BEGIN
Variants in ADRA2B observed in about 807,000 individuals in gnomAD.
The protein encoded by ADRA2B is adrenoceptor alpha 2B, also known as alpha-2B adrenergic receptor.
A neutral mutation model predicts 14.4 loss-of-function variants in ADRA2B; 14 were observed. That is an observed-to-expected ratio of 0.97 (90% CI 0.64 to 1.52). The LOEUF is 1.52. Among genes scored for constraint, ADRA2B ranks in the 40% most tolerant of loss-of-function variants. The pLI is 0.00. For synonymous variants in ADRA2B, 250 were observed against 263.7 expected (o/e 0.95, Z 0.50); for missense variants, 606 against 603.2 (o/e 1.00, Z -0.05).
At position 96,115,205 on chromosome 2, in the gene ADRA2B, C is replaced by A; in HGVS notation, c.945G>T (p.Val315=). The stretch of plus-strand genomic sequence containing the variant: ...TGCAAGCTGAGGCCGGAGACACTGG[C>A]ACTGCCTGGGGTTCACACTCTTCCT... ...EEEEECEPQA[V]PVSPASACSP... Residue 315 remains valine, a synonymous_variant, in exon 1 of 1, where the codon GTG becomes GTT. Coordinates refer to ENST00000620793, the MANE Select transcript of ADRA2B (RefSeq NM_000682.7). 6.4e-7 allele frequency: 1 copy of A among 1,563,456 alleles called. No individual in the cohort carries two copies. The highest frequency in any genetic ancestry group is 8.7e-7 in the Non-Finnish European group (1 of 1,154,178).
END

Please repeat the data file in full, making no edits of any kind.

Variants in ADRA2B observed in about 807,000 individuals in gnomAD.
The protein encoded by ADRA2B is adrenoceptor alpha 2B, also known as alpha-2B adrenergic receptor.
A neutral mutation model predicts 14.4 loss-of-function variants in ADRA2B; 14 were observed. That is an observed-to-expected ratio of 0.97 (90% CI 0.64 to 1.52). The LOEUF is 1.52. Among genes scored for constraint, ADRA2B ranks in the 40% most tolerant of loss-of-function variants. The pLI is 0.00. For synonymous variants in ADRA2B, 250 were observed against 263.7 expected (o/e 0.95, Z 0.50); for missense variants, 606 against 603.2 (o/e 1.00, Z -0.05).
At position 96,115,205 on chromosome 2, in the gene ADRA2B, C is replaced by A; in HGVS notation, c.945G>T (p.Val315=). The stretch of plus-strand genomic sequence containing the variant: ...TGCAAGCTGAGGCCGGAGACACTGG[C>A]ACTGCCTGGGGTTCACACTCTTCCT... ...EEEEECEPQA[V]PVSPASACSP... Residue 315 remains valine, a synonymous_variant, in exon 1 of 1, where the codon GTG becomes GTT. Coordinates refer to ENST00000620793, the MANE Select transcript of ADRA2B (RefSeq NM_000682.7). 6.4e-7 allele frequency: 1 copy of A among 1,563,456 alleles called. No individual in the cohort carries two copies. The highest frequency in any genetic ancestry group is 8.7e-7 in the Non-Finnish European group (1 of 1,154,178).